Understanding Molds in the Home

Most people spend a great deal of time in their homes, which is why it’s so important to ensure that homes remain healthy environments; free of mold.

Some Quick Facts about Mold:

– Can be harmful or helpful – depending where it grows

– Needs moisture to grow

– Does not grow on dry materials

– Mold growing inside a home can affect the occupants

– Occupants can learn to recognize mold

Molds are microscopic fungi, a group of organisms which also includes mushrooms and yeasts.  Fungi are highly adaptable to grow and reproduce rapidly, producing spores and mycelia in the process.  If fungi start to grow indoors to the point they fruit and give off spores, it will affect human health, as there is a consensus that fungi should not be allowed to grow in buildings.

What Makes Molds Grow?

– Condensation on surfaces due to excessive humidity, lack of ventilation, or low temperature (CLICK HERE for more information on Condensation)

– Steam or excess moisture in the air from baths/showers and cooking

– Water leakage, such as from a roof or plumbing leak, a cracked basement, or flooding

Molds will grow if we provide them with moisture and nutrients.  If we keep things dry, molds do not grow.  Moisture accumulates within the home when there is not enough ventilation to expel that moisture.

Common Materials Where Molds Can Be Found:

– Drywall

– Wood, such as window sills, wall framing and firewood

– Paper products such as cardboard boxes

– Damp materials such as carpeting or furniture

Areas in Your Home to Check for Mold:

– The basement

– Under or behind stored items

– Under the kitchen or bathroom sink

– On the wall or floor next to the bathtub or shower

– At the bottom edge of windows

– Closets

– Other damp places in your home

Not all mold is obvious.  It can grow inside walls or above ceiling tiles.  Check for mold in damp places or where water damage has happened.

Estimating the Area of Mold

Mold is considered to cover a small area if the patch is no larger than a square meter.  There should be no more than three patches, each patch smaller than a square meter.

How to clean up small mold problems:

– ‘Small areas’ of mold can be cleaned with a detergent solution

– Wear a mask, safety goggles and rubber gloves

– Seek professional help if there is a lot of mold or if mold comes back after cleaning

The mold area is considered to be moderate if there are more than three patches, each patch smaller than a square meter; or there is one or more isolated patches larger than a square meter but smaller than 3 square meters.  Assessment by a professional is recommended.

How to clean up moderate mold problems:

– Clean ‘moderate areas’ of mold, but wear proper protective equipment and follow precautions

– Seek professional help if there is a lot of mold or if mold comes back after cleaning

A mold area is considered extensive if a single patch of mold is larger in area than a sheet of plywood.  Being exposed to this much mold is not a good idea.  Do not attempt to clean up large areas yourself.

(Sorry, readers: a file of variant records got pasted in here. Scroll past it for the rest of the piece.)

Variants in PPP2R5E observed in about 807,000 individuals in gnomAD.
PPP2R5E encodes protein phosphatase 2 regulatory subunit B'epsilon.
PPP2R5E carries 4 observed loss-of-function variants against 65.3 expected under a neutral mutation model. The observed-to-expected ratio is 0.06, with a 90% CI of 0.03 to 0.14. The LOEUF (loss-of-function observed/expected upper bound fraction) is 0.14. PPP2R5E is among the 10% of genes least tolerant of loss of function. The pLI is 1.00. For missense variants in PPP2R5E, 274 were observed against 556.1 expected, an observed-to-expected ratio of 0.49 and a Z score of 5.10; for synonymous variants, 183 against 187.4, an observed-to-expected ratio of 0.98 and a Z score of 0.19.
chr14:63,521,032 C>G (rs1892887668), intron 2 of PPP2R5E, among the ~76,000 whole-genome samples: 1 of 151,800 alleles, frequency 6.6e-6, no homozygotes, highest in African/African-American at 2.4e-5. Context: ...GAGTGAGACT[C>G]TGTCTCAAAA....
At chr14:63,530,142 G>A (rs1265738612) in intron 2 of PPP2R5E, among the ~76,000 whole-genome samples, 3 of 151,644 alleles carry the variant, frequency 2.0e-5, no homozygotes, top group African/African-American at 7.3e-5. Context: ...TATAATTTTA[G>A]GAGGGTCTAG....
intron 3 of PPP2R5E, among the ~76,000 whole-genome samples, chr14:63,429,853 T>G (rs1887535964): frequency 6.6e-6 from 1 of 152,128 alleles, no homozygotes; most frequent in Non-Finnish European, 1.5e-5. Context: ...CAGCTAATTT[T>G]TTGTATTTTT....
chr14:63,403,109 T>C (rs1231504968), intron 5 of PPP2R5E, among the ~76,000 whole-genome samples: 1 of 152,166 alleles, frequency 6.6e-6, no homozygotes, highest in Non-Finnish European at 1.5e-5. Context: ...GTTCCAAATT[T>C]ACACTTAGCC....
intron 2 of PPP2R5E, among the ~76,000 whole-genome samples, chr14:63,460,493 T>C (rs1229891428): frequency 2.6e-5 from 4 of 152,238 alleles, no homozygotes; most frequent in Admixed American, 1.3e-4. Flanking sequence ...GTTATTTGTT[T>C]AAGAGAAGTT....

Do not attempt to clean up large areas of mold on your own.  You need professional help to determine why the mold is there in the first place and how to clean it up.

How to Take Action to Prevent Mold

1 – When you see water or moisture act quickly

– Check home foundation, walls, windows, roof, plumbing, tubs and sinks for water leaks.  If you find a leak or a spill, dry the area and fix the leak

– Check window sills regularly for condensation or moisture, particularly during the cold months.  If found, act quickly to dry the wet surface

2 – Ventilate your home

3 – Keep your home warm and ensure good air circulation

4 – Remove items that may cause mold

5 – Keep your home clean and dry

6 – Minimize other indoor moisture sources

7 – Prevent water from entering your home

In regards to your home’s exterior, we recommend the following for helping to prevent or eliminate mold problems:

– Regularly check the condition of the roof and exterior finish for any places where water might enter

– Make sure that eavestroughs and downspouts are connected and working properly and that they are free of debris

– Install downspout extensions to lead water away from the building

– Deal promptly with any problems that you find

“Mold in housing is one of the issues that can impact your health and your family’s health.  Yes, where there’s a lot of mold in a home, it’s not a simple problem to address and usually requires professional help.  However, everyone has a role to play in preventing mold and understanding what to do to clean up small areas and how to get help with larger areas.  Even the little things you do can help your health!”
Dr. Thomas Dignan, Health Canada


Sources of Information:

CMHC Article – About Your House: Fighting Mold – The Homeowner’s Guide

Health Canada Article – Mold and Your Health

Solplan Review – September 1995 Issue

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